Well, with all this sci-fy and technology stuff, why not also believe that they would have the technology to fix Tony Stark all up when he is back in the US? Say some kind way to diffuse his blood or some other fantastic surgery to remove all the shrapnel. Very true. To which I would answer:

The chest piece also serves a purpose for the story and character. It's part of the drama that if our hero doesn't have it in place, he will die. It's a physical weakness. And who's to say that Tony doesn't want someone operating on him, when he's unconscious and vulnerable, who could then simply steal his arc reactor technology? In the screenshot above, Tony is having Ms. Potts change out his chest piece in his own lab, not a doctor in a hospital.

Or even he's not the type that wants to be fixed or cured. He is a genius, superhero, playboy billionaire with narcissistic tendencies. He may not be like us in thinking of simply getting it fixed.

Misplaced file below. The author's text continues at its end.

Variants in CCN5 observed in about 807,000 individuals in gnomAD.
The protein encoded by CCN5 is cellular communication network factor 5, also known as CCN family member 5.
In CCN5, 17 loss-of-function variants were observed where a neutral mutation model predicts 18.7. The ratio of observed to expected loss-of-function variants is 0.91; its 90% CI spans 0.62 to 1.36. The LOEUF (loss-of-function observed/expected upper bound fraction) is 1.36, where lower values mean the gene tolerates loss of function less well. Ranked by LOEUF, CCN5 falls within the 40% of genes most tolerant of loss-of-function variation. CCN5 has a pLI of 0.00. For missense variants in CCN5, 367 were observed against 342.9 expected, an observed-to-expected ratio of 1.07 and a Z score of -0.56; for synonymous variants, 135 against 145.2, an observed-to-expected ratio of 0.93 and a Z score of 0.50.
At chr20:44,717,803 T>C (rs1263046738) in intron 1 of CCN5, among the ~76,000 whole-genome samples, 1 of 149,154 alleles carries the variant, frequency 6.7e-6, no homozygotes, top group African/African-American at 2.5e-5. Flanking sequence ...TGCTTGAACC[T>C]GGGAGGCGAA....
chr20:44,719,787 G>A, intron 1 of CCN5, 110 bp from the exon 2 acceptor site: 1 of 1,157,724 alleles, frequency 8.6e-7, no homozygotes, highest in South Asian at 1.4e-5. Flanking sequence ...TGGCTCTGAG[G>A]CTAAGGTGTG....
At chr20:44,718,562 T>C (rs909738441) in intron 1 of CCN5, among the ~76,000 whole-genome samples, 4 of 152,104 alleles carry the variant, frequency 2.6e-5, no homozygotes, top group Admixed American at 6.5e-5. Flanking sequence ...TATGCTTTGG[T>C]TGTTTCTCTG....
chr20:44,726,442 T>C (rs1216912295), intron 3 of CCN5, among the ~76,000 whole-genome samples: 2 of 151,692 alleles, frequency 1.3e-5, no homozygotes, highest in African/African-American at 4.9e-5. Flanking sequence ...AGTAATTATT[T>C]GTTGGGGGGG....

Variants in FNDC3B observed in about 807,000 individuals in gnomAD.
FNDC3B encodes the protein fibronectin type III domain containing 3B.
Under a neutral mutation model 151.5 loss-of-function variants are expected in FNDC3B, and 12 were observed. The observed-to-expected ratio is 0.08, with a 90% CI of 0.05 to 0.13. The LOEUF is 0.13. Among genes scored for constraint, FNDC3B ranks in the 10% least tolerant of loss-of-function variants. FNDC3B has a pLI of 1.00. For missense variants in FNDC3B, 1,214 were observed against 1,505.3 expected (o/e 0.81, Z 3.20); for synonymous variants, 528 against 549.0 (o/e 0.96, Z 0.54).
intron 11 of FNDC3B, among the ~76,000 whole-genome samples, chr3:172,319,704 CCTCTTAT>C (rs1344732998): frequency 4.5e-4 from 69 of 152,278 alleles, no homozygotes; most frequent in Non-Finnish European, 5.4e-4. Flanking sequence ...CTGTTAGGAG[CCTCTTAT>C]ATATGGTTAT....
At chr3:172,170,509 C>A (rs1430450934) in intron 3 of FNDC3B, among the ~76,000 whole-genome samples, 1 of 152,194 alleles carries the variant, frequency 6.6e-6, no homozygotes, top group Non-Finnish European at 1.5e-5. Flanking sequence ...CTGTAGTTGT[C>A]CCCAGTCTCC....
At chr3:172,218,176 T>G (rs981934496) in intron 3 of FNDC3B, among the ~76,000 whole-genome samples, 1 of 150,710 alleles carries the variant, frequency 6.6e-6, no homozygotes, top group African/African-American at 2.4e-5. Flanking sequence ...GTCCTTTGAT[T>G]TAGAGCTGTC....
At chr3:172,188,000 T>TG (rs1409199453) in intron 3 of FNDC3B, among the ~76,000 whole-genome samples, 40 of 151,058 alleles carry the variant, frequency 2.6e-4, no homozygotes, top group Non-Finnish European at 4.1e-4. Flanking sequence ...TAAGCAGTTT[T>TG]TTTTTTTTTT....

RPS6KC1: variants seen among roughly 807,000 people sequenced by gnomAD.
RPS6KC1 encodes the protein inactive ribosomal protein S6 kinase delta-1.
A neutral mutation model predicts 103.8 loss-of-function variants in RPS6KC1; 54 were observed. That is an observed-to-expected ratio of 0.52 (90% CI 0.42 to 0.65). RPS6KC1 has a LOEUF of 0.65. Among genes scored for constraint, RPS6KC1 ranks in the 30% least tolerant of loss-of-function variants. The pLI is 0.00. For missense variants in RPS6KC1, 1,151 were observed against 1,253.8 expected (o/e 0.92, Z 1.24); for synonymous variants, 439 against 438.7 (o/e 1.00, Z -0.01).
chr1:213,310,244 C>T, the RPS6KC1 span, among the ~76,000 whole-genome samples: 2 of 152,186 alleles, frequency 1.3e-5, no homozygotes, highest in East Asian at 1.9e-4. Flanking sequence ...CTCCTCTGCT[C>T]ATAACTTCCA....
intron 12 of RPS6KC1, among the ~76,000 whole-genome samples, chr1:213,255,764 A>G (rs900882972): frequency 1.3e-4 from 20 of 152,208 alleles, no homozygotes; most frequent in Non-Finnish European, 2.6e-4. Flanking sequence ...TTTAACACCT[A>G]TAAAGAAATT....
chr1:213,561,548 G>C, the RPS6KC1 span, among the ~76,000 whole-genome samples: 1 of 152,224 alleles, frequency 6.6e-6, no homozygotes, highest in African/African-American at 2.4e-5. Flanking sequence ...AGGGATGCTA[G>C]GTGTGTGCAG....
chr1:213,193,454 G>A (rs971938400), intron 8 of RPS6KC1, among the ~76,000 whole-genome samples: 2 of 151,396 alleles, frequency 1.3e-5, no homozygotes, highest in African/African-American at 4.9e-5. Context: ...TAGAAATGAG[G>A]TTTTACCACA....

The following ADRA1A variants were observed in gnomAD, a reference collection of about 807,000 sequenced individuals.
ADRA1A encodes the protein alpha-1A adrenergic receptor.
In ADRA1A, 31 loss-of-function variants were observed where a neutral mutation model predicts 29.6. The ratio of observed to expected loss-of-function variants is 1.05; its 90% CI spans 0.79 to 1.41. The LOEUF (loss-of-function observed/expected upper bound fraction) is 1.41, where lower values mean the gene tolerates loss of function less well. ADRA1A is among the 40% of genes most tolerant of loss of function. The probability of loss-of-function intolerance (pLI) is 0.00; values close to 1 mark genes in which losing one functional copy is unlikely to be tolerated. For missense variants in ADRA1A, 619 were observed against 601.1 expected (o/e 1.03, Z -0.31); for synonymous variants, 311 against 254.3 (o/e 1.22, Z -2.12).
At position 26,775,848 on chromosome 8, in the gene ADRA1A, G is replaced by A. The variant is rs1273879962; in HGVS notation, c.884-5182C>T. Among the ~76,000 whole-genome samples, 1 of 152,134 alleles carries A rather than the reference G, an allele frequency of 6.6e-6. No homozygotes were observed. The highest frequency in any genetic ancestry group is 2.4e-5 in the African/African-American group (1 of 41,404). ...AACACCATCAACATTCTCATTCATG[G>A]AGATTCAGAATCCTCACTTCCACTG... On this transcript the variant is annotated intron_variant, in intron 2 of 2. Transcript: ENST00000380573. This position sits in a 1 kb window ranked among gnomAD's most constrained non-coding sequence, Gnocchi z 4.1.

It also adds emphasis to when Tony Stark says, "I am Iron Man".

  • 34
    It's important to remember that when the Iron Man comic first came into being, something like a heart transplant was not possible, even experimentally. I believe this is a nod to keeping a part of the original storyline intact, and thus our suspension of disbelief as sunpech suggests.
    – BBlake
    Commented Sep 25, 2012 at 13:00
  • 2
    Actually, there was a kid in my highschool who had a similar hole in his chest - it was covered with skin and smaller, but you could tell that at least some of the bone was missing (i.e. it was squishy). In his case I'm pretty sure it was a birth defect, but it's definitely possible to survive with something like that - on the surface he looked normal, he didn't have a respirator or anything.
    – Izkata
    Commented Sep 25, 2012 at 18:03